The problems I have are with the characterization. It is hard to feel connected to Sam because he is so confused and doesn't really know who he is for much of the novel. He is clueless and incompetent, which is completely understandable given everything he goes through. However the turn around on that is far too abrupt. This is partly due to how his arms are "fixed", but he has a major change in attitude too. It's like the first half of the book and the second half of the book have two entirely different main characters, and it's not clear how or when they were switched out.
My biggest problem with the characterization is with the other major characters. Three important people in Sam's journey are members of the Navajo nation. I know Wilson's intentions here came from a genuine place. He wrote about it here. The end result left me uncomfortable though. All three characters are very much the magical Native American. Their sole purpose in the narrative is to drive the story of the white hero. One of them sacrifices everything for him. These characters were problematic on several levels. It takes an actual Native hero away from the work with his actual people and nation and focuses his attention on this random white kid. The way they talked about communing with animals and had this strange magic made me squirm. It felt very much like Disney's Pocahontas-a white person's cobbled idea of what Native Americans are.
The Native characters made me uncomfortable. The female characters made me angry. One reason I have never really liked westerns is that the women in them either tend to be agentless bodies to be raped/tortured/murdered to advance the male protagonist's story or evil manipulators working for the baddy. Sam's sister is the former. And she's had to endure it a thousand times over. She has a brief moment of agency when she snarks the villain, but she still needs to be rescued at the end and the reader is left with no sense of who she is as a person outside of who she is to Sam. His motivation. (Blech.) The main female character is Glory. She is the daughter of Sam's foster parents, and for plot reasons gets swept up into the story. She has a little more agency than Millie. She actually chooses to accompany Sam and help him. It was a heroic thought. She does help in saving his life. Then she spends the rest of the book as his secretary (for all intents and purposes). Oh, and she also needs to be rescued by him. More than once. Again, I ended the book with no real sense of who she was apart from her role in Sam's life. The only other female character in the book is evil. This made me even more angry because I expect better of Wilson. I can't believe this is the same author who wrote Henrietta, Antigone, Diana, and Arachne. I KNOW HE CAN DO BETTER.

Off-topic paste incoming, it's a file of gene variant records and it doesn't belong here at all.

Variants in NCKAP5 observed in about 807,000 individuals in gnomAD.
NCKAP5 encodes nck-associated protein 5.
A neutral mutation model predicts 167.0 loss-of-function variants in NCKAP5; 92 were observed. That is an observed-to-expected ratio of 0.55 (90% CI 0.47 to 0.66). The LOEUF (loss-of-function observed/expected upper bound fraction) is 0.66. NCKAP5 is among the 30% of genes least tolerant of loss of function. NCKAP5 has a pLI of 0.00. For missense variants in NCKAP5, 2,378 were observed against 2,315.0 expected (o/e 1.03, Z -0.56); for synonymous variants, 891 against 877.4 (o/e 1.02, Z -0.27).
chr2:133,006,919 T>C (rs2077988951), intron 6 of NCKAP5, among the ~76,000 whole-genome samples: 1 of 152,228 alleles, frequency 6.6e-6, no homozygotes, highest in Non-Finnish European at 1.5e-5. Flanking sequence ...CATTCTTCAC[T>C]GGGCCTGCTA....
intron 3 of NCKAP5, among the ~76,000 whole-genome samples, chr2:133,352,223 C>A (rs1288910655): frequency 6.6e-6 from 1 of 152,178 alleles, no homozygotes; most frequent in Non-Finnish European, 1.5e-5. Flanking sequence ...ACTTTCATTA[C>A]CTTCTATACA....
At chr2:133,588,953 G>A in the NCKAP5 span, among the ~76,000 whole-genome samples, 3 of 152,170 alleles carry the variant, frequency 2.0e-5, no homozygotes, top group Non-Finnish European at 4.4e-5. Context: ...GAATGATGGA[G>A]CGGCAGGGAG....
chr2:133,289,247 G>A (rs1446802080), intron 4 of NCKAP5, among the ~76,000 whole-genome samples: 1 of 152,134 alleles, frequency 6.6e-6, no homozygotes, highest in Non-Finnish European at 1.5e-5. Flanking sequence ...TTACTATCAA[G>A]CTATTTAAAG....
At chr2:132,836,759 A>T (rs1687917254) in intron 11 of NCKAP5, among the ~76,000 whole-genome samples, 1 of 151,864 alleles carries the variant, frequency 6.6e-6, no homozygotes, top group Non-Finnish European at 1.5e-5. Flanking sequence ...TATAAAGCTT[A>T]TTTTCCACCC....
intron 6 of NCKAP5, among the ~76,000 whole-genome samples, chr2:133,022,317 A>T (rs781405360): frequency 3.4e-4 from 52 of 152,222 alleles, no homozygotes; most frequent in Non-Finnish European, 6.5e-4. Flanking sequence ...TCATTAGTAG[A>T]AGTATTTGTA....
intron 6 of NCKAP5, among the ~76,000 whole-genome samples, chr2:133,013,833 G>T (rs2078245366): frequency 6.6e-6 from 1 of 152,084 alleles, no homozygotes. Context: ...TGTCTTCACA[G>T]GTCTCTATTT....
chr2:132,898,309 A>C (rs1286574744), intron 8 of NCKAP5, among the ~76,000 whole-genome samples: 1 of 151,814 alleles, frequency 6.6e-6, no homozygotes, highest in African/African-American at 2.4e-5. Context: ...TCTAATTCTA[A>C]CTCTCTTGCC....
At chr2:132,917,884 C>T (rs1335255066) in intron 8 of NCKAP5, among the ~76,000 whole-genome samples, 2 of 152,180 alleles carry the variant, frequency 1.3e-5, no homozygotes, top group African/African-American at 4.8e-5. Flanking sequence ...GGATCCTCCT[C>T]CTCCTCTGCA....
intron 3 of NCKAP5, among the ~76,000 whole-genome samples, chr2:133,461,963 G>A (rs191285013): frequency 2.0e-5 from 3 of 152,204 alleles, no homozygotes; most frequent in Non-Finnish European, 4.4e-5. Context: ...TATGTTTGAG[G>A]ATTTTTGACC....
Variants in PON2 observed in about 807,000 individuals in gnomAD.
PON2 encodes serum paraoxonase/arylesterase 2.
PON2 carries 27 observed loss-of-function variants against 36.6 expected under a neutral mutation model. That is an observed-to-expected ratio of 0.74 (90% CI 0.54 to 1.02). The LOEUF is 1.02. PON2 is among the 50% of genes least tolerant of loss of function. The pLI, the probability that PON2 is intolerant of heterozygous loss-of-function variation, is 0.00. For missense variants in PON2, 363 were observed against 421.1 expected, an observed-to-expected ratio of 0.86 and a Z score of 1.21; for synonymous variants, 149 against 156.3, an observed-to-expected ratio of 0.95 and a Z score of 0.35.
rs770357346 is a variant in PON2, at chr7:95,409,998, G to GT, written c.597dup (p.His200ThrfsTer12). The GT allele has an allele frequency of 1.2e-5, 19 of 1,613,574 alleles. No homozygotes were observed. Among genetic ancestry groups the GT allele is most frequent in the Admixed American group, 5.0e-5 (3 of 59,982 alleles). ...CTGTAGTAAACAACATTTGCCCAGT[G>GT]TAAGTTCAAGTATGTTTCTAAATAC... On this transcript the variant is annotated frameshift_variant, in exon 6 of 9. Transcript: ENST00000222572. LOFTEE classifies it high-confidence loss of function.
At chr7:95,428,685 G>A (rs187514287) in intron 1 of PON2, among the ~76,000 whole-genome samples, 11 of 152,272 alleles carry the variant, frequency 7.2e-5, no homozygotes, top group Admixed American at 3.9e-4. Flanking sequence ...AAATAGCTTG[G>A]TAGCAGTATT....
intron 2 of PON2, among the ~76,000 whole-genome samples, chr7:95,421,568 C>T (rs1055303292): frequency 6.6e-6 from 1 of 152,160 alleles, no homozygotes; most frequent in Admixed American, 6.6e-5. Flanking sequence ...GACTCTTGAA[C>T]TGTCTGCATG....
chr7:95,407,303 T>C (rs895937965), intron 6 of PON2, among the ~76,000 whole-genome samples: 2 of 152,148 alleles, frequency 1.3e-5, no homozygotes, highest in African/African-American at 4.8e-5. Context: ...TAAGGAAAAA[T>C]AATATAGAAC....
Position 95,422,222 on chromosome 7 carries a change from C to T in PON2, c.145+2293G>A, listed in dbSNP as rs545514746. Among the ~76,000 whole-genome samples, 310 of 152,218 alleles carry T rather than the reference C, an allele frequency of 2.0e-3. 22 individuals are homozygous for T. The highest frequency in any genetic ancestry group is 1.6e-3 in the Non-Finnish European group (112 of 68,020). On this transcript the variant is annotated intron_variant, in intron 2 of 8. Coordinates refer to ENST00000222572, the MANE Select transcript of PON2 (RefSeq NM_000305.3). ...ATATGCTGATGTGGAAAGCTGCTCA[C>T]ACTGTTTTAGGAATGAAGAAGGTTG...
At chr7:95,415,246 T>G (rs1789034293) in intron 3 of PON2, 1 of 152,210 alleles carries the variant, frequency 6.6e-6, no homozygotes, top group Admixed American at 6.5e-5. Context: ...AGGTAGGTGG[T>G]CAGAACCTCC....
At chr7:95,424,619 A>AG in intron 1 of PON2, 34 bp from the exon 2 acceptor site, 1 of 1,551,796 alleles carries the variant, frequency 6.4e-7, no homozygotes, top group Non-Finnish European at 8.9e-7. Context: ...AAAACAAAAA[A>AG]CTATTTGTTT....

Will I read the second book? Yes, I will because Wilson's past seven novels have earned my trust. I'm willing to stick around to see how he deals with some of this later on. It's a book that I can't wholeheartedly recommend on its own merits though. And that makes me sad.
I read an ARC made available by the publisher, Katherine Tegen Books, via Edelweiss. The Legend of Sam Miracle is on sale April 19th.